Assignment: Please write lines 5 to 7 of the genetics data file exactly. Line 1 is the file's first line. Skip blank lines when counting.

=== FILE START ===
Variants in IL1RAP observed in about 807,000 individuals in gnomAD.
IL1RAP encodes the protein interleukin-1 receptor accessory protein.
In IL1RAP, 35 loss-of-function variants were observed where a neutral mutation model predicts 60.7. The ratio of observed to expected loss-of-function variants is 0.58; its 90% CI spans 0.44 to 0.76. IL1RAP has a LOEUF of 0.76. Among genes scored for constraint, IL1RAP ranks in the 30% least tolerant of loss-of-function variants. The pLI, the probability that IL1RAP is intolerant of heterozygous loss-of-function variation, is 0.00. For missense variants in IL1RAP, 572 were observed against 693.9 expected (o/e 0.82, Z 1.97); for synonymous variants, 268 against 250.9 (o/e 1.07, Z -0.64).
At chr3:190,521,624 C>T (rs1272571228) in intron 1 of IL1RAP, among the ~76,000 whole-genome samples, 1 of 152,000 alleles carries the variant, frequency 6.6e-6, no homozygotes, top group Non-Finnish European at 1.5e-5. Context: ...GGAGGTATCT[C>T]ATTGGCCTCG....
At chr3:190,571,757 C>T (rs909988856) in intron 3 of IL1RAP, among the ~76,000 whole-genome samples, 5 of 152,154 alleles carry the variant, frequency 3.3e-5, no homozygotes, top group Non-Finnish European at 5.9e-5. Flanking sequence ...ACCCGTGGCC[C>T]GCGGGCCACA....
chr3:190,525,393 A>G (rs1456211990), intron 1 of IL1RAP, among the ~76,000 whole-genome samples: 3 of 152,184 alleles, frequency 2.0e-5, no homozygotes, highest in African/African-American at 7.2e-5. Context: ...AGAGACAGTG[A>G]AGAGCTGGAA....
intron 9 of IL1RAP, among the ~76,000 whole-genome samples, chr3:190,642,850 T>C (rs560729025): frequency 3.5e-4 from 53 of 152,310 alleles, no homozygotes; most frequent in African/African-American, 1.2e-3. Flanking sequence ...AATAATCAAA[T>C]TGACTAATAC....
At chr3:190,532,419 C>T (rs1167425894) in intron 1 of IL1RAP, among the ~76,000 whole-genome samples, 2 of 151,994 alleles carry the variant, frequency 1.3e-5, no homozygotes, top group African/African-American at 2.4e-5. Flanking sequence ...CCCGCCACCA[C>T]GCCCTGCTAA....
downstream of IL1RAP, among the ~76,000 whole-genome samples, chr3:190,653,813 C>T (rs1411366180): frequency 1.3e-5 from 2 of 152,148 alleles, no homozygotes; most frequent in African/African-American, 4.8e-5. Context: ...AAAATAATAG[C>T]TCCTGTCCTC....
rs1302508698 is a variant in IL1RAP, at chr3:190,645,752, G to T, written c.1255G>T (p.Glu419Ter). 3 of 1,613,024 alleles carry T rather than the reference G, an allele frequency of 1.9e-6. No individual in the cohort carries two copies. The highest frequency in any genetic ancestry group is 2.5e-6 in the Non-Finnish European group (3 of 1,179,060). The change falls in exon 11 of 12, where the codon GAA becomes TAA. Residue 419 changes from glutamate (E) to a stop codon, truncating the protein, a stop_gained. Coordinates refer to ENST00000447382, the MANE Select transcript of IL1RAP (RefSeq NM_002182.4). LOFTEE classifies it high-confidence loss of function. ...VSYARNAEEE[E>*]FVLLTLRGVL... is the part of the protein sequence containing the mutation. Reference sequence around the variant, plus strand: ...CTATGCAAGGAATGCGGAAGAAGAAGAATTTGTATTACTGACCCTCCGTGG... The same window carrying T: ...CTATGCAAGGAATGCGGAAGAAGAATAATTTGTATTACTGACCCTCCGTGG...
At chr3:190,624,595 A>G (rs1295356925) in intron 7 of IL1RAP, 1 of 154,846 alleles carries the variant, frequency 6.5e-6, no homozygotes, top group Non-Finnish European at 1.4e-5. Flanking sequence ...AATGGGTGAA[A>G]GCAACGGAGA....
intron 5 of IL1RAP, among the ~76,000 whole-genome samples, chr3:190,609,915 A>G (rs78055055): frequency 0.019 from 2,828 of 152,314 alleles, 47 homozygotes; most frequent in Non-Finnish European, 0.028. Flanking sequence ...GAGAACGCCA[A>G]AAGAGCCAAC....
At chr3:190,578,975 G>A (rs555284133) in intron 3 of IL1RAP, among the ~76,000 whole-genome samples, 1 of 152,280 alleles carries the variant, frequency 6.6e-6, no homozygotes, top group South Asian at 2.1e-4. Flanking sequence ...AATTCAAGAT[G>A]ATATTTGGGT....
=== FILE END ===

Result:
At chr3:190,571,757 C>T (rs909988856) in intron 3 of IL1RAP, among the ~76,000 whole-genome samples, 5 of 152,154 alleles carry the variant, frequency 3.3e-5, no homozygotes, top group Non-Finnish European at 5.9e-5. Flanking sequence ...ACCCGTGGCC[C>T]GCGGGCCACA....
chr3:190,525,393 A>G (rs1456211990), intron 1 of IL1RAP, among the ~76,000 whole-genome samples: 3 of 152,184 alleles, frequency 2.0e-5, no homozygotes, highest in African/African-American at 7.2e-5. Context: ...AGAGACAGTG[A>G]AGAGCTGGAA....
intron 9 of IL1RAP, among the ~76,000 whole-genome samples, chr3:190,642,850 T>C (rs560729025): frequency 3.5e-4 from 53 of 152,310 alleles, no homozygotes; most frequent in African/African-American, 1.2e-3. Flanking sequence ...AATAATCAAA[T>C]TGACTAATAC....